The ramifications of the decision announced by the Scottish National Party government in last month’s Budget are made clear in the grant letter published today by the Scottish Funding Council.
It says that university funding will total £956 million in 2011-12, of which £609 million will go to teaching, £69 million less than in 2010-11.
This represents a 10.2 per cent reduction in the teaching grant in contrast with a flat-cash settlement for research, which the SNP has chosen to protect.
Colleges will also see their teaching funding decline by about 10 per cent, down £47.3 million to £423.7 million.
The cuts to teaching come a day after the coalition government in Westminster revealed that the teaching grant for English universities will fall by 6 per cent next year, when cuts will start to bite before additional income from higher fees kicks in.
The SFC said today that capital funding for Scottish universities would also decline significantly – by 38 per cent to £16.1 million.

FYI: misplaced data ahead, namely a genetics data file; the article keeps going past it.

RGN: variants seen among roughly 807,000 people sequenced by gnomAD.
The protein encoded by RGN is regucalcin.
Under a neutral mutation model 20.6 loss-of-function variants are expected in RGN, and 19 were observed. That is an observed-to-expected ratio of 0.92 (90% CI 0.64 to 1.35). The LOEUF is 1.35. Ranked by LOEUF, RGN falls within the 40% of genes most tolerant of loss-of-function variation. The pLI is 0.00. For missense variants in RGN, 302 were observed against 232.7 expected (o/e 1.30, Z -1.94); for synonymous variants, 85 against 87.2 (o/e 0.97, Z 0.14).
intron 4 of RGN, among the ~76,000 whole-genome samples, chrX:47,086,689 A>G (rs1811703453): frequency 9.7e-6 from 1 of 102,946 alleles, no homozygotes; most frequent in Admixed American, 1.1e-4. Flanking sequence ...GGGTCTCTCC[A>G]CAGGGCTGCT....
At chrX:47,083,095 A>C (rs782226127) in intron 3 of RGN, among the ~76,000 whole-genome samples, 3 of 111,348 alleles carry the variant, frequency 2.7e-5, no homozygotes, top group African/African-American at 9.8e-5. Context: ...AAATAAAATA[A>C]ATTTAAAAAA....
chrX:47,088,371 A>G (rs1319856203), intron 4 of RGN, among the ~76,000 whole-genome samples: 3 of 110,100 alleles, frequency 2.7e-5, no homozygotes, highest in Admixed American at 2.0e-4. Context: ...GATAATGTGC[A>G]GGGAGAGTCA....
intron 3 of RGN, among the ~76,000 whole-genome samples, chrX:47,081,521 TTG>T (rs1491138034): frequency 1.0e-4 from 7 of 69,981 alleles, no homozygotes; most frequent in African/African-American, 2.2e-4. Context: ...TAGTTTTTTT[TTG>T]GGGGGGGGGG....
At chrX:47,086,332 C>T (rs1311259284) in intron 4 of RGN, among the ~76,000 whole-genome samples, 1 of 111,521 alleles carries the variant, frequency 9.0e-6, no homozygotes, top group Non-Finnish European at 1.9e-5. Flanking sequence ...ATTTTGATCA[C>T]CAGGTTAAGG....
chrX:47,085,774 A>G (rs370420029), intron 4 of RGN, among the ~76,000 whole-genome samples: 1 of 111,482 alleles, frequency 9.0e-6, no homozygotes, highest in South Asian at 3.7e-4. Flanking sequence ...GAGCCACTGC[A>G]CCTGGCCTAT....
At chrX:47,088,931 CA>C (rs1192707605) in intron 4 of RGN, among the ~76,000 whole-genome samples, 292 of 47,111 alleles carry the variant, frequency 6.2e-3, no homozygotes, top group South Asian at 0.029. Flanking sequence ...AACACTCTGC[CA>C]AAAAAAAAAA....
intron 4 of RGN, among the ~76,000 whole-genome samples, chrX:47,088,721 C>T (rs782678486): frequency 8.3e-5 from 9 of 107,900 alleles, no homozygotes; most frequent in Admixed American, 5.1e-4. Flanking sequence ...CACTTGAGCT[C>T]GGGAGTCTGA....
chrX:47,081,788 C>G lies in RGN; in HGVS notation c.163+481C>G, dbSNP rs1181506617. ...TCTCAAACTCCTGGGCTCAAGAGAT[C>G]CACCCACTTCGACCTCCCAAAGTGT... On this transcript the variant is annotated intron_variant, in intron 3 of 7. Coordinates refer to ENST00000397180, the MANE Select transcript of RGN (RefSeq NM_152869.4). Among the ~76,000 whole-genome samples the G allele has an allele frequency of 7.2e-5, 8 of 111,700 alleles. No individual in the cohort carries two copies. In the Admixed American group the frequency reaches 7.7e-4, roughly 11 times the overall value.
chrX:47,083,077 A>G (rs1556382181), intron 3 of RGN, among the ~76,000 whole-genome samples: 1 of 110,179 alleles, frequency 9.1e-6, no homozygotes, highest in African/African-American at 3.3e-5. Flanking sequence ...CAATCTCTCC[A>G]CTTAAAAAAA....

In addition, money for widening-participation activities and to support part-time provision has been “refocused”, with some universities getting more and others less.
Mark Batho, chief executive of the SFC, said: “Students will have the same opportunity to apply for a place at college or university for 2011-12 because existing student numbers are being maintained…We have worked hard to turn round the outcome of the draft budget quickly, working with the sectors to give them an early indication of their funding and more time to plan and prioritise.”
Mary Senior, an official at the University and College Union Scotland, said the cut in teaching funding “will particularly impact on the quality of the education our students receive”.
She added: “It is ludicrous to suggest an already stretched sector can do more for less. The time has come to look at better and fairer ways to fund our universities.”